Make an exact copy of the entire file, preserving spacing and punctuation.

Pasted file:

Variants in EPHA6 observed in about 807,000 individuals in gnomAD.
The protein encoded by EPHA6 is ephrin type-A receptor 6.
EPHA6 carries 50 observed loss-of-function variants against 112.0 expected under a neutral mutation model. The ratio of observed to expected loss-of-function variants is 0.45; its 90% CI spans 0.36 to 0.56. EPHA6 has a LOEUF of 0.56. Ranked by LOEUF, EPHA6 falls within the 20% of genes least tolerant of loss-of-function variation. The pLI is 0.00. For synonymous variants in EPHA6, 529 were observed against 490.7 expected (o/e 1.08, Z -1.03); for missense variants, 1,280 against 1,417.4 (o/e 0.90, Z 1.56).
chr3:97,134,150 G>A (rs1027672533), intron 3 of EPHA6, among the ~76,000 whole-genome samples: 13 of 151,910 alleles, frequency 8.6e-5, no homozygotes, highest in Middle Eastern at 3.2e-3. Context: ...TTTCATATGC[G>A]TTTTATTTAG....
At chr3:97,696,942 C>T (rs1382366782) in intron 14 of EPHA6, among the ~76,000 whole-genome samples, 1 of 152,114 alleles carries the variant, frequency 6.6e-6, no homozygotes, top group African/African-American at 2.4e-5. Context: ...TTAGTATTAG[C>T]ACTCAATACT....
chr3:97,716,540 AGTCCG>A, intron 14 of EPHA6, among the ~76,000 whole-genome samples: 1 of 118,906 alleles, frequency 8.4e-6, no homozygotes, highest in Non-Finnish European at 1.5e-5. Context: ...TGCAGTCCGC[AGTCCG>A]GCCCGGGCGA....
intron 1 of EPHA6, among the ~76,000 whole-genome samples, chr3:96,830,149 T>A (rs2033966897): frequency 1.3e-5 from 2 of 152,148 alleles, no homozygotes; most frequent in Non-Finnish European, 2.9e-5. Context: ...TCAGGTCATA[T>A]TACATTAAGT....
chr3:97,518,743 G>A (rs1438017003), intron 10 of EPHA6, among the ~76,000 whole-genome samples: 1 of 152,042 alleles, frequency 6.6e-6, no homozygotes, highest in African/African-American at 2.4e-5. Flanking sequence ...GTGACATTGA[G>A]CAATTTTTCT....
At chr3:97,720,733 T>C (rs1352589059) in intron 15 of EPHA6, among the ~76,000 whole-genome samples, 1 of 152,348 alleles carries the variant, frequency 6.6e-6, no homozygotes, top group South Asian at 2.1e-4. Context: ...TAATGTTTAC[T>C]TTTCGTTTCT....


Variants in EPHA6 observed in about 807,000 individuals in gnomAD.
The protein encoded by EPHA6 is ephrin type-A receptor 6.
EPHA6 carries 50 observed loss-of-function variants against 112.0 expected under a neutral mutation model. The ratio of observed to expected loss-of-function variants is 0.45; its 90% CI spans 0.36 to 0.56. EPHA6 has a LOEUF of 0.56. Ranked by LOEUF, EPHA6 falls within the 20% of genes least tolerant of loss-of-function variation. The pLI is 0.00. For synonymous variants in EPHA6, 529 were observed against 490.7 expected (o/e 1.08, Z -1.03); for missense variants, 1,280 against 1,417.4 (o/e 0.90, Z 1.56).
chr3:97,134,150 G>A (rs1027672533), intron 3 of EPHA6, among the ~76,000 whole-genome samples: 13 of 151,910 alleles, frequency 8.6e-5, no homozygotes, highest in Middle Eastern at 3.2e-3. Context: ...TTTCATATGC[G>A]TTTTATTTAG....
At chr3:97,696,942 C>T (rs1382366782) in intron 14 of EPHA6, among the ~76,000 whole-genome samples, 1 of 152,114 alleles carries the variant, frequency 6.6e-6, no homozygotes, top group African/African-American at 2.4e-5. Context: ...TTAGTATTAG[C>T]ACTCAATACT....
chr3:97,716,540 AGTCCG>A, intron 14 of EPHA6, among the ~76,000 whole-genome samples: 1 of 118,906 alleles, frequency 8.4e-6, no homozygotes, highest in Non-Finnish European at 1.5e-5. Context: ...TGCAGTCCGC[AGTCCG>A]GCCCGGGCGA....
intron 1 of EPHA6, among the ~76,000 whole-genome samples, chr3:96,830,149 T>A (rs2033966897): frequency 1.3e-5 from 2 of 152,148 alleles, no homozygotes; most frequent in Non-Finnish European, 2.9e-5. Context: ...TCAGGTCATA[T>A]TACATTAAGT....
chr3:97,518,743 G>A (rs1438017003), intron 10 of EPHA6, among the ~76,000 whole-genome samples: 1 of 152,042 alleles, frequency 6.6e-6, no homozygotes, highest in African/African-American at 2.4e-5. Flanking sequence ...GTGACATTGA[G>A]CAATTTTTCT....
At chr3:97,720,733 T>C (rs1352589059) in intron 15 of EPHA6, among the ~76,000 whole-genome samples, 1 of 152,348 alleles carries the variant, frequency 6.6e-6, no homozygotes, top group South Asian at 2.1e-4. Context: ...TAATGTTTAC[T>C]TTTCGTTTCT....